All activity and engagement captured by Eventbrite, including RSVP and attendance, is written to the individual’s Pardot record and synced to Salesforce. Engagement can be used to inform future communications. Even knowing that an invitee did not RSVP or didn’t attend an event can be helpful to know, as it may suggest an event didn’t hit the mark or wasn’t of interest. Pardot itself can be used in place of an event tool by taking advantage of segmentation and engagement paths and other event systems can be tied to Pardot through an API or custom programming.
Event attendees can easily be dropped into an engagement path to receive follow-up communications. And, to tie this back to fundraising, your development team can see whether a potential or recurring donor has attended events before reaching out for an ask.
3. Managing volunteers
Volunteers are often the lifeblood of a nonprofit organization and volunteer managers can find themselves doing repetitive work in support of their volunteer teams. Repeatedly answering the same questions, sending the same documents, following up with volunteers: wash, rinse, repeat.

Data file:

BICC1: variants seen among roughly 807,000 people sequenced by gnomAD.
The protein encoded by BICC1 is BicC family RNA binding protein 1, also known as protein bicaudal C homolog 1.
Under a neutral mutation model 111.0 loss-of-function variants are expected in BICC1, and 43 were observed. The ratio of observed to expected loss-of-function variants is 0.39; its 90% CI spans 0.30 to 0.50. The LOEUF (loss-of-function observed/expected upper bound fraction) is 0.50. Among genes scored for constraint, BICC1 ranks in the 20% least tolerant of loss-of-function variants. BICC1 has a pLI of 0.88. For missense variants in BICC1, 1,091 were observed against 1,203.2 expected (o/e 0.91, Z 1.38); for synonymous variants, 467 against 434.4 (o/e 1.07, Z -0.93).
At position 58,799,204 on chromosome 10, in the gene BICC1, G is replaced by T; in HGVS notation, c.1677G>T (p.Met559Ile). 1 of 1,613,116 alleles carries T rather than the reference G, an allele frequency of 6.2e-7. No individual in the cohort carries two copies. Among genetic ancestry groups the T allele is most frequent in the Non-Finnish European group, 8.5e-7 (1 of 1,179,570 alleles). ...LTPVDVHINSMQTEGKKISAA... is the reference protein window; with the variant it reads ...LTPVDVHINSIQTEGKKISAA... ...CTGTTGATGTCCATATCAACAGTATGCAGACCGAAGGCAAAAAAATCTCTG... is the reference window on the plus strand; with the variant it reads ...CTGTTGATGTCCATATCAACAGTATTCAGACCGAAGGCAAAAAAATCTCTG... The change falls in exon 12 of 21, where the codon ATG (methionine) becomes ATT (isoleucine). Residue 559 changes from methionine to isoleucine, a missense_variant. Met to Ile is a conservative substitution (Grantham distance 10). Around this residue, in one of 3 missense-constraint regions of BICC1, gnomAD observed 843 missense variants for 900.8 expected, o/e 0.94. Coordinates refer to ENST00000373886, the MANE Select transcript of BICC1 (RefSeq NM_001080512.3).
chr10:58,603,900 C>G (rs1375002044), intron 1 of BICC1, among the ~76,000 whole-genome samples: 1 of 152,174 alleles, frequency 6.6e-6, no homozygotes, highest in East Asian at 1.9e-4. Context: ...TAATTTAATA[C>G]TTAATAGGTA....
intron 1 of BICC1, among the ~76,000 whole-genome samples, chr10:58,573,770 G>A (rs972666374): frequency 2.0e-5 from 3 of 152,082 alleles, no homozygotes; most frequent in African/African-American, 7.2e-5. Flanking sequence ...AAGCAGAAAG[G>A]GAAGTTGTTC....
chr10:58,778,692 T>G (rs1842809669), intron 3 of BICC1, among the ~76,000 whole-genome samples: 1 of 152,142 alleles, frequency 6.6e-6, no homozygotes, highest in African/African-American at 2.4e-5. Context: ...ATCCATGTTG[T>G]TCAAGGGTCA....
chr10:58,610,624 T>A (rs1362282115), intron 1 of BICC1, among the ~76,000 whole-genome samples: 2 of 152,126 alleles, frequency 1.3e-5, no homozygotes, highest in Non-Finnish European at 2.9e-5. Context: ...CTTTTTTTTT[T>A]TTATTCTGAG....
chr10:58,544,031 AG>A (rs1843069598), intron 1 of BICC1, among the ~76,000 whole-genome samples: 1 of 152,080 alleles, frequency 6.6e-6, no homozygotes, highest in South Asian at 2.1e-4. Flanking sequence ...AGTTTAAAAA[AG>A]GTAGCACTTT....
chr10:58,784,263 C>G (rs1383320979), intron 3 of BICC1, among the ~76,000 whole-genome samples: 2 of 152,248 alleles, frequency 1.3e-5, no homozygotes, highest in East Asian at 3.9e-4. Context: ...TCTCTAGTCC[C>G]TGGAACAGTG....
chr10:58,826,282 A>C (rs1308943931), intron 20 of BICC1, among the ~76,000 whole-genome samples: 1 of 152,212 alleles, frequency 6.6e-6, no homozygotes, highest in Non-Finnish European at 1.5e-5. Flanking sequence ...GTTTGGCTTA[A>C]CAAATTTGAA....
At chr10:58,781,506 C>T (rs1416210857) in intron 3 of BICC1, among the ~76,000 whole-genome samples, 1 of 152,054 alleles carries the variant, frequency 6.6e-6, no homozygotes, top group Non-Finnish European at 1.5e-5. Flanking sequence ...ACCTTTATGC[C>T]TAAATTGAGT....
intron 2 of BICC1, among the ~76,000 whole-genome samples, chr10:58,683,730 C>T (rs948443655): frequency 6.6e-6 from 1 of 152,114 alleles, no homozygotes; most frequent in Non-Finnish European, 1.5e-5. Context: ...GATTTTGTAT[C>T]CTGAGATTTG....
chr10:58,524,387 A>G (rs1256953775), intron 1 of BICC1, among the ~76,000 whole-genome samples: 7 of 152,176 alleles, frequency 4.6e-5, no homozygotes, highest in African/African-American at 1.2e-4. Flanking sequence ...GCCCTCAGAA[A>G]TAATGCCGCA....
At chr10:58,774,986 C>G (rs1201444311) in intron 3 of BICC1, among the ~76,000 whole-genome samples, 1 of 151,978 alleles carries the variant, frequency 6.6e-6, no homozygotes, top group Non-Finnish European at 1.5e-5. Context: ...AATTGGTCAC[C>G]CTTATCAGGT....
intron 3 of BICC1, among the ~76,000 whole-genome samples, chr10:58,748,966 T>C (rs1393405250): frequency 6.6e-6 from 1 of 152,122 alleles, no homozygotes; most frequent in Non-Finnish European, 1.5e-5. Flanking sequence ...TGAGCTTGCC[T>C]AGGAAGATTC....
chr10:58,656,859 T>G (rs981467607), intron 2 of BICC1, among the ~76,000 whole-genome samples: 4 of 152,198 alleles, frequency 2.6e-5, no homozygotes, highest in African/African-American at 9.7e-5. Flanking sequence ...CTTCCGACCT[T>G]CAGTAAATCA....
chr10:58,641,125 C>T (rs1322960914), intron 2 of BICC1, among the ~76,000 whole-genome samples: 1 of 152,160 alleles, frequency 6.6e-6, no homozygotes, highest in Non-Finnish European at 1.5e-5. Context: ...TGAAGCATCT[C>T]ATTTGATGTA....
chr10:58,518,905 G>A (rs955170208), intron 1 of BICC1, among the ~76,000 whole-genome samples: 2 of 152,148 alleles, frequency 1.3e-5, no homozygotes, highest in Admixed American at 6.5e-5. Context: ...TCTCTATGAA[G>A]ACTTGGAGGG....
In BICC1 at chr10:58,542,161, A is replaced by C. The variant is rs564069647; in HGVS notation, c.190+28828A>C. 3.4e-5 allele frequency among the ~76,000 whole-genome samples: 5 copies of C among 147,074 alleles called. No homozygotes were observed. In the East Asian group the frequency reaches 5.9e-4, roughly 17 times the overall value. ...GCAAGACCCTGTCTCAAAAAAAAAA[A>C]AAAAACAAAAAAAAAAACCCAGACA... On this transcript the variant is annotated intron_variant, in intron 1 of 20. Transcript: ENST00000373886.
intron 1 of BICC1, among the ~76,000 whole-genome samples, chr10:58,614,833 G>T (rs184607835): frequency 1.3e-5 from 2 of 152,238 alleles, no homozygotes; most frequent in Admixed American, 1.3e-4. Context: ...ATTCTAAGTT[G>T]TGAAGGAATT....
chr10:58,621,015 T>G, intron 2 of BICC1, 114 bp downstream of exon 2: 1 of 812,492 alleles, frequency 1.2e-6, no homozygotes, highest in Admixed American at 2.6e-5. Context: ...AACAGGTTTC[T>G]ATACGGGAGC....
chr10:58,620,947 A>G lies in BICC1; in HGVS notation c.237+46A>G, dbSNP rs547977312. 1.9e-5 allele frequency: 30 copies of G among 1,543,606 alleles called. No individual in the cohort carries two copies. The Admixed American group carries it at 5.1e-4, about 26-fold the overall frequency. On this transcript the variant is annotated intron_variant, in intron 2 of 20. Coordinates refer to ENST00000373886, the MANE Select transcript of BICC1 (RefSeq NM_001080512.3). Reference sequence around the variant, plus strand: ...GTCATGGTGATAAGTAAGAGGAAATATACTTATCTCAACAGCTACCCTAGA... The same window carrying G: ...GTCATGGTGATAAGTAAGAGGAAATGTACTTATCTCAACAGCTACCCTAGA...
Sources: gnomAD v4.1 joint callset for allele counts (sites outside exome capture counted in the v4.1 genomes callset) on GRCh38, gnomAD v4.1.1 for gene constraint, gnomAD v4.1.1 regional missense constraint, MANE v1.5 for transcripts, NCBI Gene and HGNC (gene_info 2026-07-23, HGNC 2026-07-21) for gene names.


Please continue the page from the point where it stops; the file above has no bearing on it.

Identify volunteers by either syncing a custom field in Salesforce or uploading a CSV file to Pardot directly. With these individuals identified, you can easily create dynamic criteria-based lists. All the other information associated with that individual’s profile is helpful, too. You may want to target all volunteers in the Washington, DC area or volunteers who have a special set of skills, for instance.
Use Engagement Studio to place volunteers on an onboarding journey. Once a person has been identified as a volunteer, they begin the journey by receiving a welcome email. The email can be personalized with any number of elements like first name, last name, city, organization, and more. A set number of days later, you may want to send a volunteer an email that answers some commonly asked questions and provides a link to the volunteer feedback section of your website. Use Engagement Studio to “listen” for changes to the volunteer’s record, such as when they complete their first volunteer engagement. Pardot can automatically send a thank you or a feedback email a few days thereafter. You can use it to gently prod volunteers who haven’t been as involved as expected or schedule check-in emails at a regular cadence. In short, automate common tasks and free up time for your volunteer coordinators with Engagement Studio!
4. Impact reporting
Nonprofit budgets – especially for operations – aren’t usually huge. Insert knowing laughter here. Every dollar spent needs to be accounted for, development and marketing need to understand what the return on investment (ROI) was, and the executive director expects to understand how impactful marketing communications have been.